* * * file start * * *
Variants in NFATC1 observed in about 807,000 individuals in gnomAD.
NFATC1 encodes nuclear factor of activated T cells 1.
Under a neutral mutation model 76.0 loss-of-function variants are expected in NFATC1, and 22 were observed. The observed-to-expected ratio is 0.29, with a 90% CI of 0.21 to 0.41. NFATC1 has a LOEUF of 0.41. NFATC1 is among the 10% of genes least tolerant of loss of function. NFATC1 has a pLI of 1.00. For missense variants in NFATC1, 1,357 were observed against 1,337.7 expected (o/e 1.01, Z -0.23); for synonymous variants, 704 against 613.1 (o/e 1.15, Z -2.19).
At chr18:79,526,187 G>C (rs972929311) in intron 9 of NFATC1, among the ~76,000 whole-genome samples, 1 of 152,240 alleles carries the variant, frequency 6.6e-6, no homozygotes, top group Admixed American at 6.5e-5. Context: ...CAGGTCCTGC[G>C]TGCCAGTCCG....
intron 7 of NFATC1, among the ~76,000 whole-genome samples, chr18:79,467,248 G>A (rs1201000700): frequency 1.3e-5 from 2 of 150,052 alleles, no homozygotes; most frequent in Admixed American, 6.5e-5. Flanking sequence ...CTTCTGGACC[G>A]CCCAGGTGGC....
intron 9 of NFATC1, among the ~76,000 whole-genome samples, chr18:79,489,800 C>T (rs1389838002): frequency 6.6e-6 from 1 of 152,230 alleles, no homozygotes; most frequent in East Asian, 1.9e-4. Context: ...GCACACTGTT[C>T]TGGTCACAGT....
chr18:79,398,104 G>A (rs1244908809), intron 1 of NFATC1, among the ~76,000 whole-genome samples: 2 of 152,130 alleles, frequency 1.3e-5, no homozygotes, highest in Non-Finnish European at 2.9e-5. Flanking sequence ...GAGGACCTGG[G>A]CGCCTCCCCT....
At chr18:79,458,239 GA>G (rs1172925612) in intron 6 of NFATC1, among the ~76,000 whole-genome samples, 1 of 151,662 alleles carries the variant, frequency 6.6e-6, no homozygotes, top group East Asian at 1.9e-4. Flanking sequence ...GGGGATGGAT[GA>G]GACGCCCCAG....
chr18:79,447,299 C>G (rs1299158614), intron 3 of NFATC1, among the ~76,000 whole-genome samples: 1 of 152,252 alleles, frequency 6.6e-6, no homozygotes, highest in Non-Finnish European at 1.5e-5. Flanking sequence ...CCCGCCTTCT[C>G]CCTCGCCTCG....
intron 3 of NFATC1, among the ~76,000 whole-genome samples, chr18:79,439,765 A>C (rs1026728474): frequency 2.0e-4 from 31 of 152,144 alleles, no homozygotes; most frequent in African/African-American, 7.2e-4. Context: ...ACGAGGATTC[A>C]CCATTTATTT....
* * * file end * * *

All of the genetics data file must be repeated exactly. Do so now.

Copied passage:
Variants in NFATC1 observed in about 807,000 individuals in gnomAD.
NFATC1 encodes nuclear factor of activated T cells 1.
Under a neutral mutation model 76.0 loss-of-function variants are expected in NFATC1, and 22 were observed. The observed-to-expected ratio is 0.29, with a 90% CI of 0.21 to 0.41. NFATC1 has a LOEUF of 0.41. NFATC1 is among the 10% of genes least tolerant of loss of function. NFATC1 has a pLI of 1.00. For missense variants in NFATC1, 1,357 were observed against 1,337.7 expected (o/e 1.01, Z -0.23); for synonymous variants, 704 against 613.1 (o/e 1.15, Z -2.19).
At chr18:79,526,187 G>C (rs972929311) in intron 9 of NFATC1, among the ~76,000 whole-genome samples, 1 of 152,240 alleles carries the variant, frequency 6.6e-6, no homozygotes, top group Admixed American at 6.5e-5. Context: ...CAGGTCCTGC[G>C]TGCCAGTCCG....
intron 7 of NFATC1, among the ~76,000 whole-genome samples, chr18:79,467,248 G>A (rs1201000700): frequency 1.3e-5 from 2 of 150,052 alleles, no homozygotes; most frequent in Admixed American, 6.5e-5. Flanking sequence ...CTTCTGGACC[G>A]CCCAGGTGGC....
intron 9 of NFATC1, among the ~76,000 whole-genome samples, chr18:79,489,800 C>T (rs1389838002): frequency 6.6e-6 from 1 of 152,230 alleles, no homozygotes; most frequent in East Asian, 1.9e-4. Context: ...GCACACTGTT[C>T]TGGTCACAGT....
chr18:79,398,104 G>A (rs1244908809), intron 1 of NFATC1, among the ~76,000 whole-genome samples: 2 of 152,130 alleles, frequency 1.3e-5, no homozygotes, highest in Non-Finnish European at 2.9e-5. Flanking sequence ...GAGGACCTGG[G>A]CGCCTCCCCT....
At chr18:79,458,239 GA>G (rs1172925612) in intron 6 of NFATC1, among the ~76,000 whole-genome samples, 1 of 151,662 alleles carries the variant, frequency 6.6e-6, no homozygotes, top group East Asian at 1.9e-4. Flanking sequence ...GGGGATGGAT[GA>G]GACGCCCCAG....
chr18:79,447,299 C>G (rs1299158614), intron 3 of NFATC1, among the ~76,000 whole-genome samples: 1 of 152,252 alleles, frequency 6.6e-6, no homozygotes, highest in Non-Finnish European at 1.5e-5. Flanking sequence ...CCCGCCTTCT[C>G]CCTCGCCTCG....
intron 3 of NFATC1, among the ~76,000 whole-genome samples, chr18:79,439,765 A>C (rs1026728474): frequency 2.0e-4 from 31 of 152,144 alleles, no homozygotes; most frequent in African/African-American, 7.2e-4. Context: ...ACGAGGATTC[A>C]CCATTTATTT....